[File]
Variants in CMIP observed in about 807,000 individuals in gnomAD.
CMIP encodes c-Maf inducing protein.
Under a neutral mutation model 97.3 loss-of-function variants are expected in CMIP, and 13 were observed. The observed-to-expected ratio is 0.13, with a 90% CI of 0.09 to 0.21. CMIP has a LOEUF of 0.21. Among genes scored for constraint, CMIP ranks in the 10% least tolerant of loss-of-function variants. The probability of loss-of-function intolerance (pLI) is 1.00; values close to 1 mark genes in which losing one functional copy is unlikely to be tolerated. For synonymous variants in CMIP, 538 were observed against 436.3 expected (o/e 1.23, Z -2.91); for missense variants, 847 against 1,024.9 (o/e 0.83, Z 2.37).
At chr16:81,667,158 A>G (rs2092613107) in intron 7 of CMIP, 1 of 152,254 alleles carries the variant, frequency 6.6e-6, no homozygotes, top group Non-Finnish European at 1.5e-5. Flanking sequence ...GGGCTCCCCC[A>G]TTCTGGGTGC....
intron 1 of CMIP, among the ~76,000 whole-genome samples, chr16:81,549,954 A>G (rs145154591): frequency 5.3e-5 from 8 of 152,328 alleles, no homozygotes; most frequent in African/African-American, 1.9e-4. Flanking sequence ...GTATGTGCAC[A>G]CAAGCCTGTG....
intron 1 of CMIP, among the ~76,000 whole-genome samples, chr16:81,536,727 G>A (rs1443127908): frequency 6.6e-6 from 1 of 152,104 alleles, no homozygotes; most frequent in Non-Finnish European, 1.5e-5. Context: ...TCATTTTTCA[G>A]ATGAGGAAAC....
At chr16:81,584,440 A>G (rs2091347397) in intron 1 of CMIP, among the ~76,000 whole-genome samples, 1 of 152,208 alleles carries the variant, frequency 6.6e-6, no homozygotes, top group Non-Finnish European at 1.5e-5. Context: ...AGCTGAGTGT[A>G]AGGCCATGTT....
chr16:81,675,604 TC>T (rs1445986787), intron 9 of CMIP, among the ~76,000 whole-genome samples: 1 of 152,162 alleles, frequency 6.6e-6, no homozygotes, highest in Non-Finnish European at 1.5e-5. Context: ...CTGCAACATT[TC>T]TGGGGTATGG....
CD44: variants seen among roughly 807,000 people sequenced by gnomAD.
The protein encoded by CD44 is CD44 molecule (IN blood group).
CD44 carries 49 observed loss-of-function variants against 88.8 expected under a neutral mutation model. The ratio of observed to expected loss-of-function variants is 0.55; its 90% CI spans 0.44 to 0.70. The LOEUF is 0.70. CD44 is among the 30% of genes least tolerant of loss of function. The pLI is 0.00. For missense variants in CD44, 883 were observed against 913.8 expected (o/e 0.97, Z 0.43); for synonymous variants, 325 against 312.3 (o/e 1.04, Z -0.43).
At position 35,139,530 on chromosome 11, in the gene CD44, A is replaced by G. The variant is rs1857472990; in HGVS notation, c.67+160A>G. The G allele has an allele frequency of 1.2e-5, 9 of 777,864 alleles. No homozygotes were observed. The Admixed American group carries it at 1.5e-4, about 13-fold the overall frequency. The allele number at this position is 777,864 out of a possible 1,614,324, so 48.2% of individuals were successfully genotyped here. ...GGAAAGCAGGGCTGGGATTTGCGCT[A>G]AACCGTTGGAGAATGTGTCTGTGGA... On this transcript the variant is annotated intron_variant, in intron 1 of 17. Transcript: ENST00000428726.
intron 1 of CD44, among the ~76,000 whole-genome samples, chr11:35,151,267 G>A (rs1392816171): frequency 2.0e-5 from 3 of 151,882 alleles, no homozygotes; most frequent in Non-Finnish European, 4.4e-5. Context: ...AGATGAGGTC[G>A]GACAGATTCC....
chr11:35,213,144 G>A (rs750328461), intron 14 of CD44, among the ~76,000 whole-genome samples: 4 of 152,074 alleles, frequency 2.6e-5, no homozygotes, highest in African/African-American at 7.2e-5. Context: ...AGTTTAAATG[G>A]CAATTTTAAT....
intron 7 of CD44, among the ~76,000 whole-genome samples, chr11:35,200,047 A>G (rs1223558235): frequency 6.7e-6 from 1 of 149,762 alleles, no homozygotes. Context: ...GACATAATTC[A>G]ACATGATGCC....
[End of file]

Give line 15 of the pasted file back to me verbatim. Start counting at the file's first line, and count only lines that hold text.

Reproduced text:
intron 7 of CD44, among the ~76,000 whole-genome samples, chr11:35,200,047 A>G (rs1223558235): frequency 6.7e-6 from 1 of 149,762 alleles, no homozygotes. Context: ...GACATAATTC[A>G]ACATGATGCC....